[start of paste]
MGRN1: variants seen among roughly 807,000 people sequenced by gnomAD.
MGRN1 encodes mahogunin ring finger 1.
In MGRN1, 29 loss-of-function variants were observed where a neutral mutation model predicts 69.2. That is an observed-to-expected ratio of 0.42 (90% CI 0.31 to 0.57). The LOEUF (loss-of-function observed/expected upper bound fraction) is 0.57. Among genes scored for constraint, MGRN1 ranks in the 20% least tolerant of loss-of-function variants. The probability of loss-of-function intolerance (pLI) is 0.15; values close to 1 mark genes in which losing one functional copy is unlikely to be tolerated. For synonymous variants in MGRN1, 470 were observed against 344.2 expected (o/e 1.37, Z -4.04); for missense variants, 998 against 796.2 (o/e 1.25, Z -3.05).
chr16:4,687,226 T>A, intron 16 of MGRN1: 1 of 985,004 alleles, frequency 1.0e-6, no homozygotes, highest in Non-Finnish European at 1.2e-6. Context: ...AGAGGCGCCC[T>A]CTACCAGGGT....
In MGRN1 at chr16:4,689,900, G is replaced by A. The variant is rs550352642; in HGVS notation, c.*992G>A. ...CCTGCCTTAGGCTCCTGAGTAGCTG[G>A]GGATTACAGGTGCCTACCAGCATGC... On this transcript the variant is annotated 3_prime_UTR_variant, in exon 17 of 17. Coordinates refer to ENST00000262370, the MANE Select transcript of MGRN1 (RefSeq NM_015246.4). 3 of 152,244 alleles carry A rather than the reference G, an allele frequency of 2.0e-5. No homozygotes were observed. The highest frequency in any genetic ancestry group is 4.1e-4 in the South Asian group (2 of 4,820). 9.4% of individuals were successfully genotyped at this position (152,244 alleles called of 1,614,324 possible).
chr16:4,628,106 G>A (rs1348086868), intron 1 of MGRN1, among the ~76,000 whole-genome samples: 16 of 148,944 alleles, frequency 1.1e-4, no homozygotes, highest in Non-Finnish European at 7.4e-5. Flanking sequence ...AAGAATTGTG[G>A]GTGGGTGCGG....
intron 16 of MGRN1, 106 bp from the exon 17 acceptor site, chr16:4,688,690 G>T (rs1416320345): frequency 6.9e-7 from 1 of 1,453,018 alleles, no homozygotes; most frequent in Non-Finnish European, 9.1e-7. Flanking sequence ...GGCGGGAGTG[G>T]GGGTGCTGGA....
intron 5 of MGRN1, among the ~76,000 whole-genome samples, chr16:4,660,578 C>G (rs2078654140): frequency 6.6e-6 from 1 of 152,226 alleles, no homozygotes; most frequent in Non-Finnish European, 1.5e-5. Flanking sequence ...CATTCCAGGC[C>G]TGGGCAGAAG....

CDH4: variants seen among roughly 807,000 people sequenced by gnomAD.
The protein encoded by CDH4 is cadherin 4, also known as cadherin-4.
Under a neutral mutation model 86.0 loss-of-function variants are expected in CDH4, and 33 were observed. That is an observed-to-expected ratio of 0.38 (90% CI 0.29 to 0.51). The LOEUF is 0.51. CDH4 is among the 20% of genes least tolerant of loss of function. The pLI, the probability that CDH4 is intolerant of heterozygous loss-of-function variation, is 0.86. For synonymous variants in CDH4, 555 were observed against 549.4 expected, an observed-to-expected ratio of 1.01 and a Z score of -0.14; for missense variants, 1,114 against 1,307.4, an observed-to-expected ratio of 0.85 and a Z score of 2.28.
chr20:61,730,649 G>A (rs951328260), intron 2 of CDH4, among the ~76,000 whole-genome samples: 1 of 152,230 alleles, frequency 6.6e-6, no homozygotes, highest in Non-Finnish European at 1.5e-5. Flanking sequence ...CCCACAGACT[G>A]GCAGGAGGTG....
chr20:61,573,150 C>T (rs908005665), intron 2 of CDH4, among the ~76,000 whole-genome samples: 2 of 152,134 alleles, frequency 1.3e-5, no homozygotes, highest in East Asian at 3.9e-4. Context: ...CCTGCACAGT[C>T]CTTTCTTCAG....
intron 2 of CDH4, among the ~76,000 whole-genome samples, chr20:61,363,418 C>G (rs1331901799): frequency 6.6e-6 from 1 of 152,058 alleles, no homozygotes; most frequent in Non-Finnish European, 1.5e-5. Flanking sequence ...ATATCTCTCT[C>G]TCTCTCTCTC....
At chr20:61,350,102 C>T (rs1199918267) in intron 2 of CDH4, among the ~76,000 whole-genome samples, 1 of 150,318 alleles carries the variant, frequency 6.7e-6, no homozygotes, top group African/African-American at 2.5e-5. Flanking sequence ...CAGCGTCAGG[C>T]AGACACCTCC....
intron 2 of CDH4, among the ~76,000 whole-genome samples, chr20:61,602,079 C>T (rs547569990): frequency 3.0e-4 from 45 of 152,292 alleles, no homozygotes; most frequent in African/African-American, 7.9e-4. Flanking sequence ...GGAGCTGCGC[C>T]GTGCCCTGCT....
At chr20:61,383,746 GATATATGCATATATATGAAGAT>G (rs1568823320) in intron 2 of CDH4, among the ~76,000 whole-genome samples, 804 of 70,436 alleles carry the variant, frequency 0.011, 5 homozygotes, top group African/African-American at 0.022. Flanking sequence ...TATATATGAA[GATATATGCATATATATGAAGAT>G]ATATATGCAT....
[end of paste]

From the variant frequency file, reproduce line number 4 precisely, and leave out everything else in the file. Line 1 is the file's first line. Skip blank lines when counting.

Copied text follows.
chr16:4,687,226 T>A, intron 16 of MGRN1: 1 of 985,004 alleles, frequency 1.0e-6, no homozygotes, highest in Non-Finnish European at 1.2e-6. Context: ...AGAGGCGCCC[T>A]CTACCAGGGT....